Venture thru Downtown Dallas, and you’re bound to see quite a few things – historic buildings, City Hall, and skyscrapers everywhere you look, just to name a few. Head several streets down into the Kay Bailey Hutchison Convention Center, and you might catch a glimpse of some trade show or expo going on. But something else unknown to most lies atop the roof of the Convention Center – the Central Business District(CBD) Vertiport, considered to be the world’s largest urban elevated heliport. After reading about this unique facility on the Dallas Airport System website, I had to go see it for myself. A huge heliport? In Downtown Dallas?
Built in the ’90s, the original idea was for air carrier service via rotorcraft. Much like the airport helicopter shuttle that’s been set up between Tokyo’s Narita International Airport and central Tokyo, planners envisioned a future where you could arrive at the Vertiport and board a helicopter to DFW Airport, or even other cities like Austin or San Antonio. After it was built, the idea never came to fruition, and today the Vertiport remains largely unused except for the few privately-owned helicopters that stop in every so often.
Showing me around was Rick Ellis, one of the Senior Airport Operations Officers for the Dallas Airport System, the City of Dallas department that owns and maintains the facility. To get up to the Vertiport was pretty interesting in and of itself. After meeting at street level, I followed Rick thru a series of curving ramps and security gates that went all the way up to the flight deck level, passing by the loading dock used by the Convention Center along the way.
Upon getting to the top, my first reaction was “Wow, this is much bigger than I thought!”
As a fixed-wing pilot, many of the helipad markings were relatively foreign to me. Rick explained that there are two landing spots up here, where rotorcraft coming in must land at. From there, they can then taxi into one of the five parking spots. With a dual-deck design, the CBD Vertiport is capable of handling three helicopters and two tiltrotor aircraft(like the Boeing V-22) at the same time.
Why are there numbers on the pavement? Rick said that those indicated the maximum weight that could be supported at that particular landing point. In contrast, numbers in front of a runway indicate the number of that runway, which also aligns to the magnetic compass heading.
Up here, there is also an amazing view of Downtown Dallas!
Of course, I had to get my photo taken.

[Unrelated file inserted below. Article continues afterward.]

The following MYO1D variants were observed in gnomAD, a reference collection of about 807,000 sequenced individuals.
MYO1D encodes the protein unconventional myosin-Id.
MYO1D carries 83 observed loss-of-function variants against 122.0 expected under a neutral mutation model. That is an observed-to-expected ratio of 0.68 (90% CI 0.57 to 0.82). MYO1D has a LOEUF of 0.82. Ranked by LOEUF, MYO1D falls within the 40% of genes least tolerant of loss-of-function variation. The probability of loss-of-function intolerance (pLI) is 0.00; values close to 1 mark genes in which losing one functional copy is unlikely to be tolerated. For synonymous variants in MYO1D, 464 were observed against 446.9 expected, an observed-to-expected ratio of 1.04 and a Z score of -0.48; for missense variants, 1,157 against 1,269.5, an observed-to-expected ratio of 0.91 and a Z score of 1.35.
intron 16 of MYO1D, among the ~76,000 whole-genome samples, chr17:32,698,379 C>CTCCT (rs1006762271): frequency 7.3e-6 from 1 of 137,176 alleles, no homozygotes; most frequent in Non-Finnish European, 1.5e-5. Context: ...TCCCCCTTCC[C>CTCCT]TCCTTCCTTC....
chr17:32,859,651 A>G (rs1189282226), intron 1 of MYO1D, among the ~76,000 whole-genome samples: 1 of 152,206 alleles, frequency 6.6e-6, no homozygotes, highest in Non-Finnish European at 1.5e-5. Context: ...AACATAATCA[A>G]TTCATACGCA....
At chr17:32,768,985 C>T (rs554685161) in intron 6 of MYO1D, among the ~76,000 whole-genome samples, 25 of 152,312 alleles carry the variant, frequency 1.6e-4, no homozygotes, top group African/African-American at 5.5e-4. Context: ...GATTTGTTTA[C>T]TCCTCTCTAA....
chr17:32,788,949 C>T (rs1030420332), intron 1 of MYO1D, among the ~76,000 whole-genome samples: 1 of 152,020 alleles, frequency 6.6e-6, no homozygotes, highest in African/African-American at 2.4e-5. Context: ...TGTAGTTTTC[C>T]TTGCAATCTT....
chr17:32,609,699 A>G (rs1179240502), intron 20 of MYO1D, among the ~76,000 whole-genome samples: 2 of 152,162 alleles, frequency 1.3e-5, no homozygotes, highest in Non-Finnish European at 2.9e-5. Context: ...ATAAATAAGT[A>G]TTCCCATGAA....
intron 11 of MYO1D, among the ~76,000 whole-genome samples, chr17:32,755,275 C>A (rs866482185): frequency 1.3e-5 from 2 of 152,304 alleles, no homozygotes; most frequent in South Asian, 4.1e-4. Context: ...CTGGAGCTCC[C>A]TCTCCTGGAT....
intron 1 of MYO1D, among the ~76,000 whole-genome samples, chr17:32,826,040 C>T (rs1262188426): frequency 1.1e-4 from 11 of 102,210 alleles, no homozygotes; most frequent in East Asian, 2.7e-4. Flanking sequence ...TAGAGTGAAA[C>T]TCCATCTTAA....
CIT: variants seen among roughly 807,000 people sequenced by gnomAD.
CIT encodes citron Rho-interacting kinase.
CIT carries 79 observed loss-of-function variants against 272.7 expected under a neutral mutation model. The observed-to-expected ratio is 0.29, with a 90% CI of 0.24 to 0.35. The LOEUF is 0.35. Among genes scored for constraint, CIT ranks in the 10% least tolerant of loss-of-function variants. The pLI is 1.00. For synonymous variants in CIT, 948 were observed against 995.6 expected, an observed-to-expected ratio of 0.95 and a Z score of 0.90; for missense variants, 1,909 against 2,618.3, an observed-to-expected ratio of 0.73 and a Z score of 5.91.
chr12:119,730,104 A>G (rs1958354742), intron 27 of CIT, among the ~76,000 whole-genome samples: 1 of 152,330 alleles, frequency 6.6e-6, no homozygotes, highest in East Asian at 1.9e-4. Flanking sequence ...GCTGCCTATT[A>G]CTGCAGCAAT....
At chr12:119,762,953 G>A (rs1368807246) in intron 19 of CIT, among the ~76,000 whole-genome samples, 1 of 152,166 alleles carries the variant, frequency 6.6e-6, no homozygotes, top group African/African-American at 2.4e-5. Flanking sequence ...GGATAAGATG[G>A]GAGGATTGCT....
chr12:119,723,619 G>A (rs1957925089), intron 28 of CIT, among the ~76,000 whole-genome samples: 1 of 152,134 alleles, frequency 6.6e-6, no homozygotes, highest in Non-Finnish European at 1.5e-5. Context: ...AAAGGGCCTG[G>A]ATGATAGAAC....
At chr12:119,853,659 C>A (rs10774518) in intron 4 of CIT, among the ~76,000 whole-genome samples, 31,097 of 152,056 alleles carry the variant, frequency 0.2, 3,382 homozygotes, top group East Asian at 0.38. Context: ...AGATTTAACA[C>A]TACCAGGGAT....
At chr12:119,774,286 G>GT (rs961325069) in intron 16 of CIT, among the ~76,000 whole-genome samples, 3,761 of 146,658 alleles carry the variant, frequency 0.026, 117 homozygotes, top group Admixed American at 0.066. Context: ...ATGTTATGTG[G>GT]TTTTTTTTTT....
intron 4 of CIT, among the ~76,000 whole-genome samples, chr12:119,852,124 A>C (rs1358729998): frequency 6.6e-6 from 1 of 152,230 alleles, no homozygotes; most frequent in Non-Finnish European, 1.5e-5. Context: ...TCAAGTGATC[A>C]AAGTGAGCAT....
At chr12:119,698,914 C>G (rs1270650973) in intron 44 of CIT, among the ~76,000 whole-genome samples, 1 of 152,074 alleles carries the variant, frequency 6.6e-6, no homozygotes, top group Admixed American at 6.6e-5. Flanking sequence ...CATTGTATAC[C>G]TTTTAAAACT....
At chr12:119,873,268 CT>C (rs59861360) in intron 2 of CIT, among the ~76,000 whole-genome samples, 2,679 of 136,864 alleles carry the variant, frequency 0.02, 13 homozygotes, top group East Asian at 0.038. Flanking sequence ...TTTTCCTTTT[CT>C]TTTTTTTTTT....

Next, Rick and I headed to see the terminal building. Rick mentioned that the Vertiport has been used in several movies and TV shows – and it certainly fits the bill for some interesting filming!
Inside the terminal was a pretty basic setup, with couches, restrooms, and an unstaffed attendant desk. Before the tour, I had expected something a bit more modern and well-equipped, but this setup made sense given the low traffic numbers seen here.
On the walls, various photos of helicopters served as artwork.
A small office hosted some communications radios and other mechanical equipment. Close by, a sign-in log for arriving aircraft was also there, the sheet only one line full.
Rick and I then headed down the elevators to see what was on the ground floor.
Downstairs, there wasn’t much to see except the empty parking lot for Vertiport users and staff. Security gates ensure that folks parked here won’t have to worry about their vehicles being broken into or vandalized.
One thing I found neat was this turnstile, which led directly to the DART Convention Center Station, served by the Red and Blue lines. Literally, you could take the light rail from your apartment in downtown Plano all the way to the Convention Center station, and board your helicopter airline flight to Oklahoma City. Well, at least that was the initial idea. I guess if you have your own helicopter, that’s still doable.
Wrapping up the tour back upstairs, Rick showed me the side catwalk area of the Vertiport terminal, which looked out to a huge parking lot full of trailers used in Convention Center expositions, as well as massive cooling towers below.
Although the facilities here are quite nice, the main problem plaguing the Vertiport is lack of traffic. I saw so much potential here – yet, the place sits deserted. Hopefully down the road, the City of Dallas starts a revitalization initiative to bring traffic here – done correctly, I’m sure it would be successful!
Special thanks to the folks at the Dallas Airport System for making this post possible!